Fort Woth Star-Telegram
Adjust the timetable for the AT&T Cotton Bowl’s potential upgrade to BCS status to 2015, based on Tuesday’s developments.
ESPN and BCS officials announced a four-year agreement Tuesday that will make the cable network the exclusive carrier of 15 BCS bowl games from January 2011 through January 2014, including three national championship games from 2011 through 2013.
ESPN will replace Fox as the BCS’ network when Fox’s agreement concludes after the 2010 bowl games. Tuesday’s announcement means the next potential opportunity for the Arlington-bound Cotton Bowl to become a BCS bowl will not occur until new television agreements are negotiated for 2015 and beyond.
Cotton Bowl officials will move their annual New Year’s Day game to the new Dallas Cowboys’ stadium in Arlington, effective with the 2010 contest. One reason behind the move from Dallas to Arlington was the hope that the larger, more modern stadium would help the Cotton Bowl become part of the lucrative group of BCS bowls.
Rick Baker, Cotton Bowl president, said he was not surprised by Tuesday’s announcement and understood — based on recent talks with conference commissioners who oversee the BCS — that he would have to wait a little longer before the possibility of BCS inclusion.
"This is not going to be the cycle that we’re moved," Baker said Tuesday. "We realize the commissioners only presented to the networks the exact system that’s currently in place [for BCS contract renewals]. We’re hopeful something will happen in the next four-year cycle. We’re all aware that, if there’s any significant changes in the BCS, it will happen at that time."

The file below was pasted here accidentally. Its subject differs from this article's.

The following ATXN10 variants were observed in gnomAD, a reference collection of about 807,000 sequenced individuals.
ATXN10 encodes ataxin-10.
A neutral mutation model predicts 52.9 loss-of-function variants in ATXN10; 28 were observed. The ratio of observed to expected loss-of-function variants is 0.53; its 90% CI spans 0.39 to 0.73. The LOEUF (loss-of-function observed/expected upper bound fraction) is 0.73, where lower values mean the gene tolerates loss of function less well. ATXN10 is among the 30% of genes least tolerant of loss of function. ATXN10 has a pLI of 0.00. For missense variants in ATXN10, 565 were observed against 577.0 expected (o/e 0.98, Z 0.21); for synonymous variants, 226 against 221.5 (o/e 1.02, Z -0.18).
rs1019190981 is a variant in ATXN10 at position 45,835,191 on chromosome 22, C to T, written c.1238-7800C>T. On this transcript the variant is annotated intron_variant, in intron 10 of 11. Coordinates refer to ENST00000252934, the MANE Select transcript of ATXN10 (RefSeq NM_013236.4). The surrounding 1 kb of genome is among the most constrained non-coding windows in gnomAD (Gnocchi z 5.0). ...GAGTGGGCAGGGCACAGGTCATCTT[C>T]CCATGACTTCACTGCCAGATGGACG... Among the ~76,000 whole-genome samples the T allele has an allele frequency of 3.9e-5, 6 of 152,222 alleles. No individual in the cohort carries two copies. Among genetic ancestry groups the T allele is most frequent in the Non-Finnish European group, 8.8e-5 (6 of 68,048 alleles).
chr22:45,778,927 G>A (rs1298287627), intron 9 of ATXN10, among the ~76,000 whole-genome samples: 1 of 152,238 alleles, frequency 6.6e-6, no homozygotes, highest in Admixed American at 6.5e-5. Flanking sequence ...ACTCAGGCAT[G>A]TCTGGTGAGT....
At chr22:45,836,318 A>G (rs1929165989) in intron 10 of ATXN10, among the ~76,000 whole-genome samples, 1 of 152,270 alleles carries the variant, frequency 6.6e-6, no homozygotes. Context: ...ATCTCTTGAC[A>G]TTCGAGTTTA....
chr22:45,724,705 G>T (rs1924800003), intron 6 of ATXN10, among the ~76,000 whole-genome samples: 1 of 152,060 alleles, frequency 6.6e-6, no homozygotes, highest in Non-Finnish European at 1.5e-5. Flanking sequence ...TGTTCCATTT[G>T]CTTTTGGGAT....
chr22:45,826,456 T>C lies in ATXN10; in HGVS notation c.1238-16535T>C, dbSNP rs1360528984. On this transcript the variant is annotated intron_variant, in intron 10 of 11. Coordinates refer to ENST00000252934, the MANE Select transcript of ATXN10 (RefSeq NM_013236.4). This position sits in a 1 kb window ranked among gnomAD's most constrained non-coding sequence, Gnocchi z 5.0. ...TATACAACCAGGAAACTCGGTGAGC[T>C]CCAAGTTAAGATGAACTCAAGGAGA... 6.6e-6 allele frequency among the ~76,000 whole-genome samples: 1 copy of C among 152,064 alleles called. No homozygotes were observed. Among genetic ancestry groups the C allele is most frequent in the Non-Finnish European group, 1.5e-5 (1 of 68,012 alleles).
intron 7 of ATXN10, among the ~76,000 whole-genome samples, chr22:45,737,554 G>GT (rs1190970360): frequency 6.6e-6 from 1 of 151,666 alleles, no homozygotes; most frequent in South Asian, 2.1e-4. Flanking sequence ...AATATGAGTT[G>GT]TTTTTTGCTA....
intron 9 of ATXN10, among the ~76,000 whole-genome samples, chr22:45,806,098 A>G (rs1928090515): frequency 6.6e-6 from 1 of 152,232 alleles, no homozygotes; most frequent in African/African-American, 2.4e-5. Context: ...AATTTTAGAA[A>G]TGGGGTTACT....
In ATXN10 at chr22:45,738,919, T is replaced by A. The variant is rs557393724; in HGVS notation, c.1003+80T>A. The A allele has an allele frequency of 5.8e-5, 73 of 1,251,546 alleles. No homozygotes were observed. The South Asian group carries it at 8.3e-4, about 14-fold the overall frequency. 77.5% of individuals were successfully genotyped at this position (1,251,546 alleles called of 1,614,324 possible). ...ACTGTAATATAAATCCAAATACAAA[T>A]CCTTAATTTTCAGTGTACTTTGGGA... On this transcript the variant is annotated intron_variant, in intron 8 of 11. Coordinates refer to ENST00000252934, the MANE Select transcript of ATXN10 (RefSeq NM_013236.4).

Contract negotiations for the next round of BCS-related television rights will not occur until 2012, which Baker considers a plus for his game. By that time, the new Cowboys stadium — scheduled to open for the 2009 football season — will have been the site for three Cotton Bowls, a Super Bowl, an NBA All-Star Game and, possibly, a Final Four.
The NCAA is scheduled to announce site selections today for 2012-16 Final Four events, with the Cowboys’ stadium on the list of potential venues. Baker said having so many high-profile events in Arlington between now and 2012 should "only help our cause" with BCS officials.
"It’s harder to pull the trigger on a change to a new facility until the facility is open," Baker said.
In terms of the BCS’ immediate plans, Tuesday’s deal means three BCS bowls — the Fiesta, Orange and Sugar — will be on ESPN each season, from January 2011 through January 2014. ESPN also will air the BCS national championship games in 2011, 2012 and 2013.
ABC, the broadcast partner of ESPN, holds the TV rights to the Rose Bowl through 2014, as well as the rights to the 2014 BCS national title game in a separate agreement. Both broadcast companies are owned by Walt Disney Co.
Jimmy Burch, 817-390-7760